President Joe Biden, Vice President Kamala Harris and United Nations Ambassador Linda Thomas-Greenfield will attend the summit. But two people familiar with the matter have said it’s possible Biden may not appear live but rather through a recorded video.

Some senior administration officials have dismissed the notion that how Biden participates, whether through recorded video or live observations, matters, saying the summit was rescheduled this spring to ensure Biden and Harris could attend.

“We would not have this summit without the commitment of the president and vice president,” said one of the senior administration officials. “Both are participating and we are still working through modalities with ourselves and with our four co-hosts from around the world.”

The exact number of foreign commitments has yet to be finalized and the administration has refused to give details of what other countries and organizations have promised to do – regardless of whether it is political changes or financial commitments – calling only “stimulating” the current list. The United States has asked for a commitment from almost every country in the world, said one of the senior administration officials.

“Every speaker … speaks because he made a commitment, right? And there will be several speakers, “the official said.

There are multiple commitments for each summit theme, the official said. These themes are the same as last year’s summit – “Vaccinating the World”, “Saving Lives Now” and “Building Better Health Security” – although the policy objectives within these themes have been updated to meet new needs.

The updated policy goals, however, did not include switching to vaccination and empowering 90% of vulnerable populations before moving on to the goal of vaccinating 70% of all countries, a goal for which some global health experts they argued.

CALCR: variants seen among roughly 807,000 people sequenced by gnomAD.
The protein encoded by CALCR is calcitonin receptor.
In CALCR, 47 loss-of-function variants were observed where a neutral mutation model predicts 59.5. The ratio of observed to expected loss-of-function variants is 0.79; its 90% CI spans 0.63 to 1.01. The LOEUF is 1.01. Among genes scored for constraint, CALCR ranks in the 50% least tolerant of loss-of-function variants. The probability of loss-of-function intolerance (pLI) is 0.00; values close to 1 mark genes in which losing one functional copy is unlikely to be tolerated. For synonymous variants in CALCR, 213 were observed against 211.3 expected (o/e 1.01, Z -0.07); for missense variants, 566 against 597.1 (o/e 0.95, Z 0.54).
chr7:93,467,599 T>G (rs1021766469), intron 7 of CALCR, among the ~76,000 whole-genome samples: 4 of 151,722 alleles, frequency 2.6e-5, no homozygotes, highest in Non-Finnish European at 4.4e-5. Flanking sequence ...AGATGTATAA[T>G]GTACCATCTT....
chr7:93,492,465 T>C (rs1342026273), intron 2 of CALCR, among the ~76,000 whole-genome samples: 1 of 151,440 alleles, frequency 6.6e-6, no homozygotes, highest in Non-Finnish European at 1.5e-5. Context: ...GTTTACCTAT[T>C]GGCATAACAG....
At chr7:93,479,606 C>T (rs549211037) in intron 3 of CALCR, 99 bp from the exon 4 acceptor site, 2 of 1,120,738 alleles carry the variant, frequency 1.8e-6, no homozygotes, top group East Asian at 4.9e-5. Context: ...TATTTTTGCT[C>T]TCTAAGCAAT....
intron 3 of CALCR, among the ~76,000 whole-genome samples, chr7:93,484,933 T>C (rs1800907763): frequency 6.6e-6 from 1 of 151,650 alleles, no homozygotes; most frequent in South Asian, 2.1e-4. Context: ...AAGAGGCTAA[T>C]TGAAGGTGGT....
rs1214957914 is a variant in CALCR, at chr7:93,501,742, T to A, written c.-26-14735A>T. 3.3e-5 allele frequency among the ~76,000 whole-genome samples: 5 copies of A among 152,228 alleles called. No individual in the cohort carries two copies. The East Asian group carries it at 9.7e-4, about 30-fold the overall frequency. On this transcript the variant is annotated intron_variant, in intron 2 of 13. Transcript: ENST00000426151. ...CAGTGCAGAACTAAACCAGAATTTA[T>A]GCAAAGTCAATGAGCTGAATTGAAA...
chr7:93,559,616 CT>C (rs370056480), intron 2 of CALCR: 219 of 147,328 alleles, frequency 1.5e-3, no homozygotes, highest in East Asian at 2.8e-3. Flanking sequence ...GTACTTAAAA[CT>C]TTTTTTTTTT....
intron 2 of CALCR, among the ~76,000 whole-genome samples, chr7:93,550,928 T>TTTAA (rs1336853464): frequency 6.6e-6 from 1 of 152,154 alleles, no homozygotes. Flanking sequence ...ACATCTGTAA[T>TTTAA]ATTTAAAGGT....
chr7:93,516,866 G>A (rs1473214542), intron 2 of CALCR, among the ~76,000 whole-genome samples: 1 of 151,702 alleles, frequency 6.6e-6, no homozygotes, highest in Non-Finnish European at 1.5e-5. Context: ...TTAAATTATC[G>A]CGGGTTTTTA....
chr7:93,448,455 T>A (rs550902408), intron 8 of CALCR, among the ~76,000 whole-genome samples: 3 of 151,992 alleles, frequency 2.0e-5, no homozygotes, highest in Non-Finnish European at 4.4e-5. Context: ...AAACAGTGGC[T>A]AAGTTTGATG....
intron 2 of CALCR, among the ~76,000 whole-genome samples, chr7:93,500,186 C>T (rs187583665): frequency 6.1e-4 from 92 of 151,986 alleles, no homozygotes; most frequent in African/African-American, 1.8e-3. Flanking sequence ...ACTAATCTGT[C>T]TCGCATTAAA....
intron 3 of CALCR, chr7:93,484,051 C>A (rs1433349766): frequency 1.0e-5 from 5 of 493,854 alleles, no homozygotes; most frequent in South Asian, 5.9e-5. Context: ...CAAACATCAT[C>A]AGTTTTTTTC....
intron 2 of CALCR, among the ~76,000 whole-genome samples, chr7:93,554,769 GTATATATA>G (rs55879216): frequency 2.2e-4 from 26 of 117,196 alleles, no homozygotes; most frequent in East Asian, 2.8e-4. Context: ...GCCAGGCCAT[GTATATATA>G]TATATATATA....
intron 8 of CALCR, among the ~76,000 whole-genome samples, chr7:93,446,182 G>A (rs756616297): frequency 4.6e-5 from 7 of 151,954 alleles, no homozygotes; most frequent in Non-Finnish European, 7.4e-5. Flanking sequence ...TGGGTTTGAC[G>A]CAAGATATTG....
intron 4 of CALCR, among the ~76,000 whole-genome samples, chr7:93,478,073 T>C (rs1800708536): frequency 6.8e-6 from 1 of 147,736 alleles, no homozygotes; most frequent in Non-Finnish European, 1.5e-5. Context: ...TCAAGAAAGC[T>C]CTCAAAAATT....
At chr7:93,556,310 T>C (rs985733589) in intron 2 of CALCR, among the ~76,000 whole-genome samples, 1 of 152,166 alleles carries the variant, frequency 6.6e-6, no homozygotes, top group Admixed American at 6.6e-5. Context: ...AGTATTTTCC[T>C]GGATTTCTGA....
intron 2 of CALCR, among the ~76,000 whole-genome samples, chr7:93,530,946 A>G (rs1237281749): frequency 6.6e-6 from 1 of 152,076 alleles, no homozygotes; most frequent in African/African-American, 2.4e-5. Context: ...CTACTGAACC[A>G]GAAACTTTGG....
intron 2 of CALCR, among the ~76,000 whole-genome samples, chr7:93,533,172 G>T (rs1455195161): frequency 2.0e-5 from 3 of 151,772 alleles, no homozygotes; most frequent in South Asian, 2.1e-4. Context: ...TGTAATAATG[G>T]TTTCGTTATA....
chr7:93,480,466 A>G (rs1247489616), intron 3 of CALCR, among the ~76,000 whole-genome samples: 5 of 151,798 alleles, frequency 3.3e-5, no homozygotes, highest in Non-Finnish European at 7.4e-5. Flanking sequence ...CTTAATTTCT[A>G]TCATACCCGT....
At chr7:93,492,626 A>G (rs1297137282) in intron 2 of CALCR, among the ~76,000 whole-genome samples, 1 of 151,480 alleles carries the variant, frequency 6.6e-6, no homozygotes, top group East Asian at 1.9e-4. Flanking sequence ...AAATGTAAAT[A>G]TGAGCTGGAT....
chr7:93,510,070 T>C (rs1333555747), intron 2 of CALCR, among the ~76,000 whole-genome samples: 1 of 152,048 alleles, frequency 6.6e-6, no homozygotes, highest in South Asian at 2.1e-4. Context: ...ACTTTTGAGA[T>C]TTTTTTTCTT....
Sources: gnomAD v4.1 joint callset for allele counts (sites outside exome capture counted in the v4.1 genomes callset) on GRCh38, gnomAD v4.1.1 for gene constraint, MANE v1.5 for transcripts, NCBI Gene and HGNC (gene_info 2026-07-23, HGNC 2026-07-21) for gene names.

“We have not created a separate target from the 70s [percent]”said one of the senior administration officials, noting that early vaccination of high-risk groups was part of the US strategy.

Globally, the number of infections and deaths is at its lowest since March 2020, according to the World Health Organization, leading many people around the world to feel the pandemic is over.

US and global health officials warn that this is not the case, especially as the virus continues to evolve and new variants could again overwhelm hospitals and cause far more deaths. But as many governments abandoned pandemic-related restrictions, people’s appetite to get vaccinated has also decreased. With vaccines in abundance, the biggest problem now is helping governments around the world to vaccinate people.

“The summit is truly an important opportunity to solicit commitments,” Ted Chaiban, global lead coordinator for the preparation and delivery of the Covid-19 vaccine in the country at the Covid-19 vaccine delivery partnership, told reporters Thursday. Such commitments could be financial or commitments to increase vaccination rates, Chaiban said.

“The summit itself is a way to maintain momentum,” he said.